I strongly believe that in order to achieve your targets and goals, you can’t do it alone. In some cases working alone may get the job done faster, however in my opinion I can assure you it’s not always the case and the quality of the final output will always be better when working with others. Think about every athlete you’ve watched, they have a team full of people that help them. They have people to help them look after their nutrition, mental state of mind, physical fitness and that’s only to name a few. You will have heard many times from these athletes that their success is because of the team they have around them. This is no different at work or in your business.
Okay, you’ve acknowledged that you need help with a particular task. Now it’s time to identify those people that you need help from and how to go about it. Take a look at my suggestions below:
Give them as much time as possible.
We are all busy people. As soon as you become aware that you need help, let your colleagues know asap. Giving them notice will allow them to schedule your work in advance and theres a more likely chance of them being able to help you too. Some times you won’t always have the luxury of time and the strength of your relationships with your colleagues will determine if they can support you in short notice too. I like to setup a project kick off meeting and invite all those colleagues who I think I’ll need help from at some point during the task or project. This also gives them the opportunity to give their input too.
What’s in it for me? Why should I help you?
People will ultimately think – what am I getting out of helping you? If there are mutual benefits from your piece of work, it’s important to sell them the benefits and how it will impact them positively. Of course sometimes there won’t always be a direct benefit to them and in which case it comes down to how good your relationship is as mentioned in the last section.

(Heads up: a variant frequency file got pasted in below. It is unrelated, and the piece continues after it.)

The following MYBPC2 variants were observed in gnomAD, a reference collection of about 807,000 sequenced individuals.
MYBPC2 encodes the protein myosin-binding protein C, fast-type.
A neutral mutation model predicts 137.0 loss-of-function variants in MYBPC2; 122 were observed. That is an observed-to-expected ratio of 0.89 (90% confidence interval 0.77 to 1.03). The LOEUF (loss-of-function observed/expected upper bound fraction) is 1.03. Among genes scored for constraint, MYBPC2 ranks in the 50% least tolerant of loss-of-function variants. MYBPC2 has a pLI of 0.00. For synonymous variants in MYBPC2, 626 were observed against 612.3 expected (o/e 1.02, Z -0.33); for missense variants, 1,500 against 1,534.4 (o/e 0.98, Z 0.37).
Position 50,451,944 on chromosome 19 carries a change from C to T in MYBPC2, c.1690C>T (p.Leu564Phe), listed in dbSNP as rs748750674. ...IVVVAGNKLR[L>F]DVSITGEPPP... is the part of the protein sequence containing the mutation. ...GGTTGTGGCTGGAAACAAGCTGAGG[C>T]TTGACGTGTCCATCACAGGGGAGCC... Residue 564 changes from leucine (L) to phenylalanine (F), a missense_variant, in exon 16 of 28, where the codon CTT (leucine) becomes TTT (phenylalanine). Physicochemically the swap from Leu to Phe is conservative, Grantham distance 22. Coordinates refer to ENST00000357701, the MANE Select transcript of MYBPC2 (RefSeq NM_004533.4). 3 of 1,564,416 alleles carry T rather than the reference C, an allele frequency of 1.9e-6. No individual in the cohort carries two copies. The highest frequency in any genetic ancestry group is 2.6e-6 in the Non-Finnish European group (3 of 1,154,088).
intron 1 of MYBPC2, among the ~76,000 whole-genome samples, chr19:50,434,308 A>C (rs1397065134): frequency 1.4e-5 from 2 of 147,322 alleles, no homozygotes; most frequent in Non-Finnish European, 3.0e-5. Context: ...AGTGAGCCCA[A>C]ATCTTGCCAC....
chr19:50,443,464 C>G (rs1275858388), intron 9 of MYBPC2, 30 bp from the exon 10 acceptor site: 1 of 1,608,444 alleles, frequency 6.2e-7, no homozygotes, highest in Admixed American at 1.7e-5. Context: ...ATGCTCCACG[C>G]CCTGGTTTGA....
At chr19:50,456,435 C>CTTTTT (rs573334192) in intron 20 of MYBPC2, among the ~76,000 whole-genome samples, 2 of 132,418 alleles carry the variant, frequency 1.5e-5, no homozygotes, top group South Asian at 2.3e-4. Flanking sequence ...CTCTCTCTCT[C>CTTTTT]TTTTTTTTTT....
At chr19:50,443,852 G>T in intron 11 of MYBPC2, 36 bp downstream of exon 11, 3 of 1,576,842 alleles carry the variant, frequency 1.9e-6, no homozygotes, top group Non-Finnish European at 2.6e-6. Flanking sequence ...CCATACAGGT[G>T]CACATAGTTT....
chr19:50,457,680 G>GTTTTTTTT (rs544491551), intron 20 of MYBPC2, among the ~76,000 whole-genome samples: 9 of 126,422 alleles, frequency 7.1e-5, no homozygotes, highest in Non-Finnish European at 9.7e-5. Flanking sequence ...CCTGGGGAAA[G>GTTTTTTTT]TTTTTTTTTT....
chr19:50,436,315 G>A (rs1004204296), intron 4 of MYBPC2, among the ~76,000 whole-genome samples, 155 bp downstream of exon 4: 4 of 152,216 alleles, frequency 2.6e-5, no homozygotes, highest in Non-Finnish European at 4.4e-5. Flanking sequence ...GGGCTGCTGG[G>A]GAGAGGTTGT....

Let them get involved in how you get the tasks done
For some tasks there are always a few different ways to get the job done. I suggest asking for your colleague’s opinion on how to approach a task or project to see if there is a better way at doing them. If you require specialist skills then this isn’t always the case, however a fresh pair of eyes will always give a different perspective.
Proactively help a colleague – earn those brownie points!
If you see a colleague who may need your help, offer it to them openly (of course you’ll need to balance your own workload). I’ve worked with some colleagues who are shy at asking for help and actually don’t go to anyone. This is a great way to build relationships and earn those brownie points! You never know when you might need their help in the future, in which they will feel inclined to do so.
Recognise colleagues who have helped you.
This has got to be the most important point in this blog post. Anyone that helps you it’s important to say thank you in a timely manner. A simple thank you face to face goes along way or you could even get them a coffee or a small gift depending on the help they’ve given you. Don’t under estimate the power of gratitude.
Can you force collaboration?
Yes and no – this is a difficult one to answer. The success of a task or project will ultimately come down to working in a team and collaborative working occurs by default. I’ve found that if you get on well with your colleagues socially this has made a difference too, of course this isn’t always possible. If the relationship is strong, these people will always make time for you at last minute when required and this goes both ways too.
For projects that follow a strict methodology, collaborative working can be built in from the off and during every phase allowing for work to be scheduled in advanced.
It’s important to acknowledge that everyone who you will work with will have their own job to do. Giving them enough time, being proactive with helping them and providing recognition goes along way to getting the support you need.
Let me know your thoughts in the comments section below.